18 July – 20 August 2014
Kudditji Kngwarreye has a deep knowledge of the spiritual significance of Alhalkere, his ancestral homelands at Utopia, 270 kms north-east from Alice Springs. An old man in his eighties, Kudditji is the senior custodian of Ankerre, the spiritual sites across his country that are integral to the Emu Dreaming story. Kudditji counts off the other senior men, custodians of the surrounding Dreamings, who have now passed on.
His own paintings of Country and the Dreamings that give life to that region are abstract impressions of landscape in all its moods, changed by the seasons, the time of day, the clouds, rain and heat – all emotive expressions of the many facets of the Country.
At the centre of the structure of the paintings is the rectangle that represents the ceremonial grounds, the heart of the Emu Dreaming site. The sites are sacred for Men’s Ceremonies and initiation rites. The role of the male emu in nature is to protect the nest and hatch the eggs. Therefore the totemic connection between the Emu sites and the Men’s Law draws deeply on the function of nurturing, both for the Country and for the traditional custodians of the land.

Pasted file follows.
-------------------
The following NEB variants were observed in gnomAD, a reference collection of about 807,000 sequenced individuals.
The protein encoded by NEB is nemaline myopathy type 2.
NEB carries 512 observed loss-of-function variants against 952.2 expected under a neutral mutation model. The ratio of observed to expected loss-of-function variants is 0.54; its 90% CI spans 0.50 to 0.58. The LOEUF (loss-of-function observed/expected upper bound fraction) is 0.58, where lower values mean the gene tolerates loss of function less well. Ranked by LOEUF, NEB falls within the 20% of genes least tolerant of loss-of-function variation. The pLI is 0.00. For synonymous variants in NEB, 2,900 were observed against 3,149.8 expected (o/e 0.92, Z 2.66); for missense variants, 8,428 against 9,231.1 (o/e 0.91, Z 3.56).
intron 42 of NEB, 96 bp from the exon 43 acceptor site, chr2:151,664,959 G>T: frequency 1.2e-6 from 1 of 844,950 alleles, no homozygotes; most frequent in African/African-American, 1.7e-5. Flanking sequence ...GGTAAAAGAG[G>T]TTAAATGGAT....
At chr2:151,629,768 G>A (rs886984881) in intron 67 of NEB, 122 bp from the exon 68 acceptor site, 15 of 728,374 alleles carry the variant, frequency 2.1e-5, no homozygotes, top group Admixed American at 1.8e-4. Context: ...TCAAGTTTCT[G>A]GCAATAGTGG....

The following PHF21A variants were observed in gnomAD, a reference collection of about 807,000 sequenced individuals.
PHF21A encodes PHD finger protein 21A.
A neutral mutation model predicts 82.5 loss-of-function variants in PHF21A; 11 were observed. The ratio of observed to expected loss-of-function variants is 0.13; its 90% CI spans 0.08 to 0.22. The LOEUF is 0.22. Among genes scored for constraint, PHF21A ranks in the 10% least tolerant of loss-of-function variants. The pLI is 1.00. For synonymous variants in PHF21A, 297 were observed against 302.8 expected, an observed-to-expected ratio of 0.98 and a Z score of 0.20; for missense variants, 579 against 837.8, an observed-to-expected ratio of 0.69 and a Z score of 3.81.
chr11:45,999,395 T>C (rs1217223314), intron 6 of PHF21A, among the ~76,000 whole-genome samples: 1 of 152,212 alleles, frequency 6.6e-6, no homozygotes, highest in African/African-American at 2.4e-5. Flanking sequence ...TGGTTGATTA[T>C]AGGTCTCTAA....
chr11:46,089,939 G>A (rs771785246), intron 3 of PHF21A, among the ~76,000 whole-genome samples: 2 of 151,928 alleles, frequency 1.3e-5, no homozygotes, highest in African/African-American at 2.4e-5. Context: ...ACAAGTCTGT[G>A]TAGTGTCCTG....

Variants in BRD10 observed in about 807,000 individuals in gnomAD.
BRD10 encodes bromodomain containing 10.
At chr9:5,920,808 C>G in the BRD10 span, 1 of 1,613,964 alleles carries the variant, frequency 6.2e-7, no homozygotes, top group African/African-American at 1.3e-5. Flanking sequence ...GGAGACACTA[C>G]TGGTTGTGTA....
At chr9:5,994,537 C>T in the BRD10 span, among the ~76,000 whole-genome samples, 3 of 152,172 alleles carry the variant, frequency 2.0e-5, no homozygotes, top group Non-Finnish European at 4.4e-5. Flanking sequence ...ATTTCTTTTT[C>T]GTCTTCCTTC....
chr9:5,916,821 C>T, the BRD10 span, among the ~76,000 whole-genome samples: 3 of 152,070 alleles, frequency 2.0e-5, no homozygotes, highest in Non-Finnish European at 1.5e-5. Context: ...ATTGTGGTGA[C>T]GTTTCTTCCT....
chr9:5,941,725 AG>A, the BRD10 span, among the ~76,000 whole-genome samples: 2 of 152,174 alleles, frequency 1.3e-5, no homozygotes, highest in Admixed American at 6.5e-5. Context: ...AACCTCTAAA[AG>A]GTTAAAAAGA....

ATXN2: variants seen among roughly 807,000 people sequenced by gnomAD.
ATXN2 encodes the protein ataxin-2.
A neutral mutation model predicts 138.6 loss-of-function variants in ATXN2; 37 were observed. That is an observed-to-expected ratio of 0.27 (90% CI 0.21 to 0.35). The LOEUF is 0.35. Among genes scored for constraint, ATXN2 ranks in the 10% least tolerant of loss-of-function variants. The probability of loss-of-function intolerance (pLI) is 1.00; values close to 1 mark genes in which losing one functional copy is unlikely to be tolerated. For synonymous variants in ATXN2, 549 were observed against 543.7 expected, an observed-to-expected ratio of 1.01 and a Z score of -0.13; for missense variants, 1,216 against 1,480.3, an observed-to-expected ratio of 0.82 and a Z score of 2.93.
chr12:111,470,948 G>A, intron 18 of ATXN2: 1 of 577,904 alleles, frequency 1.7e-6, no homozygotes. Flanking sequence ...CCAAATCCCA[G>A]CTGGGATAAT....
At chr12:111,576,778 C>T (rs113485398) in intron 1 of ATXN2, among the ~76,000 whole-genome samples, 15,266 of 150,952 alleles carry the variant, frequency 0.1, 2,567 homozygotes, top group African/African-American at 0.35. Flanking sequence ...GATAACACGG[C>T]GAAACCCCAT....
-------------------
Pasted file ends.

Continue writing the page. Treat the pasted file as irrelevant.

The ancient Ankerre Dreaming cycle inspires both the paintings of Kudditji Kngwarreye and the life of this senior Anmatyerre lawman. Kudditji Kngwarreye carries on the male Law tradition as had his famous Emily Kngwarreye (c1910-1996) carried the Women’s Law and painting tradition.
The paintings will be on display at Japingka Gallery until 20 August.